*work*.

Let us examine the situation in Figure 7.2, where an object undergoes a displacement

along a straight line while acted on by a constant force F that makes an angle Ɵ

with the direction of the displacement.

The work

*W*done on a system by an agent exerting a constant force on the system isthe product of the magnitude

*F*of the force, the magnitude*r*of the displacementof the point of application of the force, and cos Ɵ, where Ɵ is the angle between the

force and displacement vectors:

The sign of the work also depends on the direction of F relative to r. The work

done by the applied force is positive when the projection of F ont vr is in the same

direction as the displacement. For example, when an object is lifted, the work done

by the applied force is positive because the direction of that force is upward, in the

same direction as the displacement of its point of application. When the projection

of F onto r is in the direction opposite the displacement,

*W*is negative. For example,as an object is lifted, the work done by the gravitational force on the object is

negative. The factor cos ! in the definition of

*W*(Eq. 7.1) automatically takes careof the sign.

If an applied force F is in the same direction as the displacement r, then Ɵ=0

and cos 0 = 1. In this case, Equation 7.1 gives

Work is a scalar quantity, and its units are force multiplied by length. Therefore,

the SI unit of work is the newton! meter (N· m). This combination of units is used so

frequently that it has been given a name of its own: the joule ( J).

An important consideration for a system approach to problems is to note that work

is an energy transfer. If

*W*is the work done on a system and*W*is positive, energy istransferred

*to*the system; if*W*is negative, energy is transferred*from*the system. Thus, ifa system interacts with its environment, this interaction can be described as a transfer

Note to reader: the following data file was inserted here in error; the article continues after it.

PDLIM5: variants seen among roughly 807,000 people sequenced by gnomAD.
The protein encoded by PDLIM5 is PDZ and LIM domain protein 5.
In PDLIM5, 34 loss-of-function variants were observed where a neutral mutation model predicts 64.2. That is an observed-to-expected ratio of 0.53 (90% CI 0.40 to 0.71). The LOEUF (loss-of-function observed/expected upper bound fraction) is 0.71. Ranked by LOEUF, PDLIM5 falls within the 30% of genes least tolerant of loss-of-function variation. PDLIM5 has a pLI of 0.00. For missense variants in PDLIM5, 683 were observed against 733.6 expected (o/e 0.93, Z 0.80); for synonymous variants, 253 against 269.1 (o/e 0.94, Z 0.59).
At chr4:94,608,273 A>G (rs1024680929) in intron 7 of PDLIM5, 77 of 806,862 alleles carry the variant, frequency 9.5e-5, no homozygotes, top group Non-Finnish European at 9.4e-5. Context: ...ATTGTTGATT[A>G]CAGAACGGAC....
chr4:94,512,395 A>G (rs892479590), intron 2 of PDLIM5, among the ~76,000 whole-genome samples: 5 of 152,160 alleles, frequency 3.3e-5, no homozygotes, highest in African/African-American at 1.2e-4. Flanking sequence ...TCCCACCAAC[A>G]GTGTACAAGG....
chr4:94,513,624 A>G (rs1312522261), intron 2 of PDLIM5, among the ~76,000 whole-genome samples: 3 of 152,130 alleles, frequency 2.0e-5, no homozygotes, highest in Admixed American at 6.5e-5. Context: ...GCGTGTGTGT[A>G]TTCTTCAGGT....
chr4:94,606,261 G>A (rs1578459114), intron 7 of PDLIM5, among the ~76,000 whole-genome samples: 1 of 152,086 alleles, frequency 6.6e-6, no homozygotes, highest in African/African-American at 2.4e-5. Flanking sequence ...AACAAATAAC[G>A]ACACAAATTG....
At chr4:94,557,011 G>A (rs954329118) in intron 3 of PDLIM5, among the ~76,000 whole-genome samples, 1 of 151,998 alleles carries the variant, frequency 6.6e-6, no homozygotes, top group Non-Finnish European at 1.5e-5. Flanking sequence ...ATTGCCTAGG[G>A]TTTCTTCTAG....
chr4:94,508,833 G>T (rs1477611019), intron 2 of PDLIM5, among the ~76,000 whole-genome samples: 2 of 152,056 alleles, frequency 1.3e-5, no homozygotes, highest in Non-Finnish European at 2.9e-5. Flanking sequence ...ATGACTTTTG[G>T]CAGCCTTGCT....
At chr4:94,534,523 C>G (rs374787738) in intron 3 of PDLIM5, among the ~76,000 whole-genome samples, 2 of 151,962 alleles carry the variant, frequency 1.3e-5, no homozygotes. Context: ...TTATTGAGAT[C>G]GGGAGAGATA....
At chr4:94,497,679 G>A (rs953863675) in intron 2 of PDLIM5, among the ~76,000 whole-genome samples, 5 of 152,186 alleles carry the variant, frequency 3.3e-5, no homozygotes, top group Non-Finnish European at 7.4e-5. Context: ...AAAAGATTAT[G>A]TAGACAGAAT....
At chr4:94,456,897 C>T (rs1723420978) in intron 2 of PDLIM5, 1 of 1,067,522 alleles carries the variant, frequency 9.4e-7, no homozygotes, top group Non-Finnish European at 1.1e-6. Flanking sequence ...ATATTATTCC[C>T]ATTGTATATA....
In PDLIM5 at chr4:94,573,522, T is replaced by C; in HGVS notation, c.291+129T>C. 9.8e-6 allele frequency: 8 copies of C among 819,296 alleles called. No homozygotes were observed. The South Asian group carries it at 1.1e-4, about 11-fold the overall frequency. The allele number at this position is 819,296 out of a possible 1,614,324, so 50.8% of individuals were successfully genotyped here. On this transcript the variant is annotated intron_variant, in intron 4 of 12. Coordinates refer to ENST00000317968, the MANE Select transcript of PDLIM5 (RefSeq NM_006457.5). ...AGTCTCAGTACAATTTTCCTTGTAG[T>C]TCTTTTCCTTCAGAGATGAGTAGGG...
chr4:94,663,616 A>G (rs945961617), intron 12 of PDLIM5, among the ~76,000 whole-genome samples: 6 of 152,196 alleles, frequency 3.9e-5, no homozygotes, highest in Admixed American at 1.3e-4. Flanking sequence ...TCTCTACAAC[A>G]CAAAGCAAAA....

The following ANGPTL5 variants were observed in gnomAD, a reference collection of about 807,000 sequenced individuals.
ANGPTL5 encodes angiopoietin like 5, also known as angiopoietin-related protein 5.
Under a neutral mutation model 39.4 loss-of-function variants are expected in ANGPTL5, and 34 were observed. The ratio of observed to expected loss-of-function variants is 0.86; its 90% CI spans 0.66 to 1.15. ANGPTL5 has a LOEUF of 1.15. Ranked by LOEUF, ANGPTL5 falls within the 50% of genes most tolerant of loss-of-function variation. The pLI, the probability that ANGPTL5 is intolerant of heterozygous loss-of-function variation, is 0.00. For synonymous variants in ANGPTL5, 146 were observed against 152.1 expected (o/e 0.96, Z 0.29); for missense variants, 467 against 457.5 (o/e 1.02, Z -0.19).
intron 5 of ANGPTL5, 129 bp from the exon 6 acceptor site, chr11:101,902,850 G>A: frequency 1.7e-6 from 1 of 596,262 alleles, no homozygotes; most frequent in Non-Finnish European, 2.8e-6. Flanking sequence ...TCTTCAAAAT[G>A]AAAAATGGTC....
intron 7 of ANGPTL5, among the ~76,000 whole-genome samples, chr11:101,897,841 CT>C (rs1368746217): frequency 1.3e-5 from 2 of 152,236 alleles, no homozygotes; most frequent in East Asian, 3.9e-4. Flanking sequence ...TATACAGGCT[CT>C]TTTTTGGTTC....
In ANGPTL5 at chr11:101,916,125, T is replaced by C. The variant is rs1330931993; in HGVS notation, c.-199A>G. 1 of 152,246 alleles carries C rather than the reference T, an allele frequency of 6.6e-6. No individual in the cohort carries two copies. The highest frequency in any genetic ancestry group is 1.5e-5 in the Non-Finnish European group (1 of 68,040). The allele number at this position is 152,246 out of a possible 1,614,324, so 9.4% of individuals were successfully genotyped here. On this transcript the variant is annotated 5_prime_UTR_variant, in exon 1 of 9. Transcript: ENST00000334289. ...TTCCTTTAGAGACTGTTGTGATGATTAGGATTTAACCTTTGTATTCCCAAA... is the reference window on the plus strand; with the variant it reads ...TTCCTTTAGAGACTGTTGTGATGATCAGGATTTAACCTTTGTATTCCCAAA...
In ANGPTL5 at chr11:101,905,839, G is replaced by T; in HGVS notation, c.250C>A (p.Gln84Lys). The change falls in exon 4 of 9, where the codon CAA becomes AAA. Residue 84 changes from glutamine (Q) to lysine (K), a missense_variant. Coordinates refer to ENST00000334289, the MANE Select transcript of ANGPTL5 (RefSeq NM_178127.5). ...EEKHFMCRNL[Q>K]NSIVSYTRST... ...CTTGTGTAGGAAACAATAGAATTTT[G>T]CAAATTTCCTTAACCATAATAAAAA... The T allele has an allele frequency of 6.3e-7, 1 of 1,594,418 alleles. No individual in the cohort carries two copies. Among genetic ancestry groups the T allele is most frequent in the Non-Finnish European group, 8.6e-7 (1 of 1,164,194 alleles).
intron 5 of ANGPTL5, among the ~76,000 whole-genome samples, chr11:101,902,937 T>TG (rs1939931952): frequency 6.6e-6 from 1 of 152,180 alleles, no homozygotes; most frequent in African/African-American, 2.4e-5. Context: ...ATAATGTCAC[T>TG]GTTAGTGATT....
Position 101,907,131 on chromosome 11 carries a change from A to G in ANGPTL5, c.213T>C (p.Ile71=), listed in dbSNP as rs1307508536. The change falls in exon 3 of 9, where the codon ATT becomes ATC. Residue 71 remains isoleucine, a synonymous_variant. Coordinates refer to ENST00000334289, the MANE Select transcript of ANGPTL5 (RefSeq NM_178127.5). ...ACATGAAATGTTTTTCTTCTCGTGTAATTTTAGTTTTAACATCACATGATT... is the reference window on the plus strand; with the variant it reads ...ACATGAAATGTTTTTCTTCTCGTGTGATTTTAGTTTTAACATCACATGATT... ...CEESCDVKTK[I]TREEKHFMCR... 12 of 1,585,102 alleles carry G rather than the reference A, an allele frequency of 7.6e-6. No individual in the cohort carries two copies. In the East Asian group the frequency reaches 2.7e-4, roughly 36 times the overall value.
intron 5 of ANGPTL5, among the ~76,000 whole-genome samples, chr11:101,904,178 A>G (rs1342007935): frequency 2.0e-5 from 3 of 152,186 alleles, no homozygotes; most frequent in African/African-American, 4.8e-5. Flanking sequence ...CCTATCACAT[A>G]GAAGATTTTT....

of energy across the system boundary. This will result in a change in the energy stored

in the system. We will learn about the first type of energy storage in Section 7.5, after

we investigate more aspects of work.

**7.3 The Scalar Product of Two Vectors**

Because of the way the force and displacement vectors are combined in Equation 7.1,

it is helpful to use a convenient mathematical tool called the scalar product of two

vectors. We write this scalar product of vectors A and B as A.B. (Because of the dot

symbol, the scalar product is often called the dot product.)

In general, the scalar product of any two vectors A and B is a scalar quantity equal

to the product of the magnitudes of the two vectors and the cosine of the angle Ɵ between

them:

Comparing this definition to Equation 7.1, we see that we can express Equation 7.1

as a scalar product:

__7.4 Work Done by a Varying Force__Consider a particle being displaced along the

*x*axis under the action of a force that varies with position. The particle is displaced in the direction of increasing*x*from to . In such a situation, we cannot use to calculate the work done by the force because this relationship applies only when F is constant in magnitude and direction. However, if we imagine that the particle undergoes a very small displacement , shown in Figure 7.7a, the*x*component*Fx*of the force is approximately constant over this small interval, for this small displacement, we can approximate the work done by the force asIf we imagine that the

*Fx*versus*x*curve is divided into a large number of such intervals, the total work done for*the displacement from**xi*to*xf*is approximately equal to the sum of a large number of*such terms:*If the size of the displacements is allowed to approach zero, the number of terms in the sum increases without limit but the value of the sum approaches a definite value equal to the area bounded by the

*Fx*curve and the*x*axis:Therefore, we can express the work done by

*Fx*as the particle moves from*xi*to*xf*as :Work Done by a Spring

A model of a common physical system for which the force varies with position is shown in Figure 7.10. A block on a horizontal, frictionless surface is connected to a spring. If the spring is either stretched or compressed a small distance from its unstretched (equilibrium) configuration, it exerts on the block a force that can be expressed as :

Where

*x*is the position of the block relative to its equilibrium (*x*= 0) position and*k*is a positive constant called the force constant or the spring constant of the spring. In other words, the force required to stretch or compress a spring is proportional to the amount of stretch or compression*x*. This force law for springs is known as Hooke’s law.Because the spring force always acts toward the equilibrium position (